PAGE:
Jeremy Beck runs the website MovieManifesto, where he writes many, many movie reviews that nobody reads.

The Grammys are happening this Sunday, and in celebration (?!), a few SportsAlcohol.com folks will be offering up some words about some of our favorite songs of 2018.

As lousy as 2018 may have been for America, it was quite the year for Australia, or at least for Australian three-pieces. Not only did Camp Cope deliver a blistering sophomore album, but the little-known outfit Middle Kids arrived onto the scene with Lost Friends, a ferociously catchy debut full of taut, intricately composed bangers. There’s nothing especially revolutionary about this trio’s music; they write straightforward songs that bounce from verses to choruses and back. But art doesn’t need to be original to be great, and “Mistake,” the record’s second single, weaponizes your familiarity against you. You think you’ve heard it before, and all of a sudden you’re tapping your foot, banging your head, and belting out its refrain at the top of your lungs.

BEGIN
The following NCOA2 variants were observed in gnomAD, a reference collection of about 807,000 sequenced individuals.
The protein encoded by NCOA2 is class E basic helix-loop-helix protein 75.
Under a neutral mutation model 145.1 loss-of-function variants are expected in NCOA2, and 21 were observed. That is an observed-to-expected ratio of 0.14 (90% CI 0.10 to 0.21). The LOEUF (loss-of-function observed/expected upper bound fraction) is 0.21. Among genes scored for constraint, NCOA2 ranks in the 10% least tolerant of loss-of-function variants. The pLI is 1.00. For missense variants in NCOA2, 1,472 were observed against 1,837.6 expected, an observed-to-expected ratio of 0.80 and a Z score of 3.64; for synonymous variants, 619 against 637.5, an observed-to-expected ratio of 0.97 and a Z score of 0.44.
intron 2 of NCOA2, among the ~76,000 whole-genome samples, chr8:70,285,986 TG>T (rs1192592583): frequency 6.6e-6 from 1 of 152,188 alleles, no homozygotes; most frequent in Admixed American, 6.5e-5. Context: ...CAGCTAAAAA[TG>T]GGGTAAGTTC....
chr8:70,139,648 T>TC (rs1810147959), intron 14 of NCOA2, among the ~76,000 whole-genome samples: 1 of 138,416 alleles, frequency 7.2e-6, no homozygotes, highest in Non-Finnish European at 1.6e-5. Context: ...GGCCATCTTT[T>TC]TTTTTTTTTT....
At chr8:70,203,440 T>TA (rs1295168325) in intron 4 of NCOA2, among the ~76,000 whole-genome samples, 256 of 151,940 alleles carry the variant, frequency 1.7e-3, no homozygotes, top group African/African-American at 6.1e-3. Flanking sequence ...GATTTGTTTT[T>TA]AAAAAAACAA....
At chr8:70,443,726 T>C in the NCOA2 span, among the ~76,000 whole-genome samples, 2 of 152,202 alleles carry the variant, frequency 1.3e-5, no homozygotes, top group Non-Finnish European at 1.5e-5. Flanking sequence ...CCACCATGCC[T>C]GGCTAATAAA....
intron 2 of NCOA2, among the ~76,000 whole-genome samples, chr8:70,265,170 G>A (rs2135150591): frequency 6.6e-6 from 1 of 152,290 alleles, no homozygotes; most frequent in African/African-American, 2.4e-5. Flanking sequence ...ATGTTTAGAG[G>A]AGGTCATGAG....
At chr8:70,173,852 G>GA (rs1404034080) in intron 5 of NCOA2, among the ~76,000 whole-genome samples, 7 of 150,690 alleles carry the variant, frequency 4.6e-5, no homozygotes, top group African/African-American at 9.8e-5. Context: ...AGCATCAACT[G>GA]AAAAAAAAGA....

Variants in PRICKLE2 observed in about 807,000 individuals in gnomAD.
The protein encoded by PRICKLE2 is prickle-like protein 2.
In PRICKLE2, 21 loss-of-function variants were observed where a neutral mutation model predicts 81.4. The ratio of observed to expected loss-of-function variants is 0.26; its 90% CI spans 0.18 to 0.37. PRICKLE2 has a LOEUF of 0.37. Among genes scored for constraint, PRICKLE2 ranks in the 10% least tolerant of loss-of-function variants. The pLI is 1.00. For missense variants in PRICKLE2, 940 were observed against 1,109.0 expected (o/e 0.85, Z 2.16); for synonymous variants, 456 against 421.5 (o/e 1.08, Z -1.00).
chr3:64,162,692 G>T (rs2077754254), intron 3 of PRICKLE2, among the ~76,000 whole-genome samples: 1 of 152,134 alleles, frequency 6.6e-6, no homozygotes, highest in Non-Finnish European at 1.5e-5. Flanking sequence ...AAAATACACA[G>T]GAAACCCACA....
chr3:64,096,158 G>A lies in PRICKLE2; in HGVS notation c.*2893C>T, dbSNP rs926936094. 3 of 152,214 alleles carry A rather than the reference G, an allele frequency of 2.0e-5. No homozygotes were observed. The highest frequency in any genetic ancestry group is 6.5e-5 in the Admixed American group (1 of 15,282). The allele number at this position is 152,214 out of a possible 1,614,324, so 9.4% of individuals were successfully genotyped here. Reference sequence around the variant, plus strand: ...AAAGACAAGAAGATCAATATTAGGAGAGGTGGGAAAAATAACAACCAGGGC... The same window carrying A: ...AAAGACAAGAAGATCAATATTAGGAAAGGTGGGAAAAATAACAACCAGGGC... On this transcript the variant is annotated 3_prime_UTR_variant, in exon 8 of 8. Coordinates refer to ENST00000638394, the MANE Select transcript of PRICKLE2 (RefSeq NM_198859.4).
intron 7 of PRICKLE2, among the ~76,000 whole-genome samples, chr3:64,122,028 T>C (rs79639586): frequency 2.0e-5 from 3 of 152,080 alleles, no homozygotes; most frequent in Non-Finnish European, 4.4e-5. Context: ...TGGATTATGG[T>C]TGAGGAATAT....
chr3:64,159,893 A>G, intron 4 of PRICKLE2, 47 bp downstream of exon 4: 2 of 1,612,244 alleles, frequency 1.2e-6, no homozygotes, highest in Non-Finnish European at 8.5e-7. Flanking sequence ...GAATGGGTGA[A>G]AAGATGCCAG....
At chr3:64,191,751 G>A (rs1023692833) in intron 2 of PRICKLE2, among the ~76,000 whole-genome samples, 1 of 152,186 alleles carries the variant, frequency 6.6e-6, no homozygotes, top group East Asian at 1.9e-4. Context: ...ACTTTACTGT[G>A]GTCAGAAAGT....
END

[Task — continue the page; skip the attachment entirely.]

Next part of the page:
Naturally, the pet trick of lead singer Hannah Joy is an oldie but a goodie: She loves to draw out single syllables for seconds at a time, right from the “Ooooh darling” that opens the song. Joy’s lyrics aren’t fancy—she repeatedly rhymes “back” with “back”—but they’re evocative, efficiently revealing a woman crippled by confusion regret (“Thought I was healthy but I’m choking / It must be catching up, my smoking”); she also drops in some sly bits of Swiftian pronoun-switching. But the sound is the key here, the way the drums and guitars seem perfectly unified, propelling Joy forward as she pushes toward each electric chorus. The band knows exactly when to crescendo and when to downshift, resulting in a song that snakes and curls before finally erupting with euphoria. It’s perfectly constructed, yet it doesn’t feel engineered or excessively polished. It’s a hell of a thing: Musicians have been banging on drums and strumming on guitars for decades, and without altering any of that basic technique, Middle Kids have somehow produced something fresh and exciting. Maybe it’s telling that the word “mistake” never actually appears in “Mistake”. On multiple levels, it’s nowhere to be found.